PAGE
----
The structure still stands and, expanded, is a hub of activity, housing the classics and modern languages departments. Just as it did 120 years ago, this building continues to be a spot for hosting dinners, meetings and public receptions. And, if you go out the doors on the Arboretum (east) side, you can still see the inscription, just as it was in 1892.

Best,
Beth Swift
Archivist
Wabash College

Glee Club Tour 1970

1970 Glee Club Trip

At Homecoming this year there were a lot of things to celebrate. One of the real highlights of the weekend was the Glee Club alumni who returned to sing their hearts out. Their Friday night rendition of Old King Cole brought the crowd to its feet. As a part of evening, two movies were made. One for Homecoming traditions and the other a history of the Glee Club. In preparation for those movies, I spent a bit of the summer scanning images from the files on the Glee Club.

A neat series that I came across was from the Florida trip of 1970.

On the plane with President and Mrs. Seymour.

Singing in St. Petersburg

Singing in Tampa

At a host house – love the car in the driveway!

Apollo 13 on the Launchpad

Relaxing on the beach

Glee Club tours clearly leave a big impression on the students. Even many years later the stories flow like they just happened yesterday. At Wabash now many students have the chance to travel in groups, learn new things, maybe even fly for the first time. Back in 1970 such trips were limited to the Glee Club and athletic teams. Today it is called immersion learning and is highly valued.  How nice for the students of today to have so many more opportunities.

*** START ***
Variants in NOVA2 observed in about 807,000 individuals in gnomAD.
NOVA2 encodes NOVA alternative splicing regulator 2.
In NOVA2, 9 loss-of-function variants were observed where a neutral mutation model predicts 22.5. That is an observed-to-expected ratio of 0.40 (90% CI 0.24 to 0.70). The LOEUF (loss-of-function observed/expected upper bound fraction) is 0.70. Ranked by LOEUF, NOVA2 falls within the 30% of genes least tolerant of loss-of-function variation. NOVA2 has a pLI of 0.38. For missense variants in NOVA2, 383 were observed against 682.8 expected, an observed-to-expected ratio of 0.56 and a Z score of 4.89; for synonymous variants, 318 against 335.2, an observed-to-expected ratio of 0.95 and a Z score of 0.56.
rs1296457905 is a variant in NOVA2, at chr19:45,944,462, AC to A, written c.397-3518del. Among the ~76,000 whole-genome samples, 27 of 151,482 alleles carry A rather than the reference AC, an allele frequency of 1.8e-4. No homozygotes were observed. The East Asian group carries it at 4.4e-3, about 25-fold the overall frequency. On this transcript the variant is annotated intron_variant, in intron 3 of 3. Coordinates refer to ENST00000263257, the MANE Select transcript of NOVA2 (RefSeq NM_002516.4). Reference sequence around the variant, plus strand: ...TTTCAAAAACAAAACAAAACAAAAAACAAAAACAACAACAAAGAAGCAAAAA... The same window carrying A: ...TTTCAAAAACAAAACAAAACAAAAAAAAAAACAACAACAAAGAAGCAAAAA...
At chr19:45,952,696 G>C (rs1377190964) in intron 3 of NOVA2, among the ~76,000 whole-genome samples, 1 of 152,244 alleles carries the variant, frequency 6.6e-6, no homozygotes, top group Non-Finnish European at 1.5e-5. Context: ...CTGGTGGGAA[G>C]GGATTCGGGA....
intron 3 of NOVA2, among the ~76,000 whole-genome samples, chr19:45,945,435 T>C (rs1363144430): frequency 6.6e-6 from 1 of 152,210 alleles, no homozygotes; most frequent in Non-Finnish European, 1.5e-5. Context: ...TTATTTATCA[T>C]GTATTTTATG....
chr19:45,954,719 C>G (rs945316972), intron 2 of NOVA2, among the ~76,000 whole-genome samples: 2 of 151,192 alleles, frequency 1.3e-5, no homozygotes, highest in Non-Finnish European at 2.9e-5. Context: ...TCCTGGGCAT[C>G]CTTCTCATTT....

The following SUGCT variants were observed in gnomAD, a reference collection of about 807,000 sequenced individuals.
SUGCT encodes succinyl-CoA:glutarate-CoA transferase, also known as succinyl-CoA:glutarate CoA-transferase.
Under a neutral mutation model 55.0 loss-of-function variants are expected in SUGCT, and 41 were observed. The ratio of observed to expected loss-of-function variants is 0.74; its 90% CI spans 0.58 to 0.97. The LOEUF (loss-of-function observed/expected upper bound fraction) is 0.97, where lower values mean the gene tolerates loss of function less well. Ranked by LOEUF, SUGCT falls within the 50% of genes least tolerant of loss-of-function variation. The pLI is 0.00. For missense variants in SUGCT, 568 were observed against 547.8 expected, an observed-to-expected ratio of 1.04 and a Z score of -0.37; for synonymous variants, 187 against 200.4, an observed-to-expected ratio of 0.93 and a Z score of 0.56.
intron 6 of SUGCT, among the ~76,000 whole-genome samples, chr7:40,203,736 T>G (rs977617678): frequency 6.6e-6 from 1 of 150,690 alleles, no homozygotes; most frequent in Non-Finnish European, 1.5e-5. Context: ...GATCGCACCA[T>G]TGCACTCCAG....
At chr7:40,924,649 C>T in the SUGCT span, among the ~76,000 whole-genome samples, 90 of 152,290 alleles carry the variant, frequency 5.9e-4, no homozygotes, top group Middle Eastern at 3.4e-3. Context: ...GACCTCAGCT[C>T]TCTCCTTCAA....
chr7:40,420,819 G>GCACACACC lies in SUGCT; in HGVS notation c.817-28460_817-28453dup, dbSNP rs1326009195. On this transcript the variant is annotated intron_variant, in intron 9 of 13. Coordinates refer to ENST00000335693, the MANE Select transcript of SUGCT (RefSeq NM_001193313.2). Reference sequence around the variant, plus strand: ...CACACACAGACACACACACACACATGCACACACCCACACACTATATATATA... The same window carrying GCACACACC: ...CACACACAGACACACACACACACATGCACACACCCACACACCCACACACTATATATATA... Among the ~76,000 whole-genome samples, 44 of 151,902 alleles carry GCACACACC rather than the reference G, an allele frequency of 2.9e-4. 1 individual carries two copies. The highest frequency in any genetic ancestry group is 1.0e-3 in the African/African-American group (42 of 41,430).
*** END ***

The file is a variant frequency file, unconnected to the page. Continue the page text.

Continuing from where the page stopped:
All best,
Beth Swift
Archivist
Wabash College

 

A landmark in town

I love old postcards and this one is a beauty! It shows the Ben Hur Building in downtown Crawfordsville not long after it was finished. The Montgomery County Interim Report of Indiana Historic Sites and Structures Inventory lists the date for this neo-classical building as 1911.  The Ben Hur Building was a real center of commerce for much of the 20th century. Many Wabash alums were tenants with their offices in this premiere business address. Lawyers, doctors and accountants were especially plentiful. Meetings of the Wabash Board of Trustees were sometimes held here. It was a beehive of activity and just inside the revolving door was a little lunch counter where the office workers could get a drink and a sandwich or some candy. The large windows on the street level showcased the offerings of the Schloot Furniture Company.

This elegant old building now sits empty waiting for its next incarnation. Who knows, maybe one day it will shine again!

Best,
Beth Swift
Archivist
Wabash College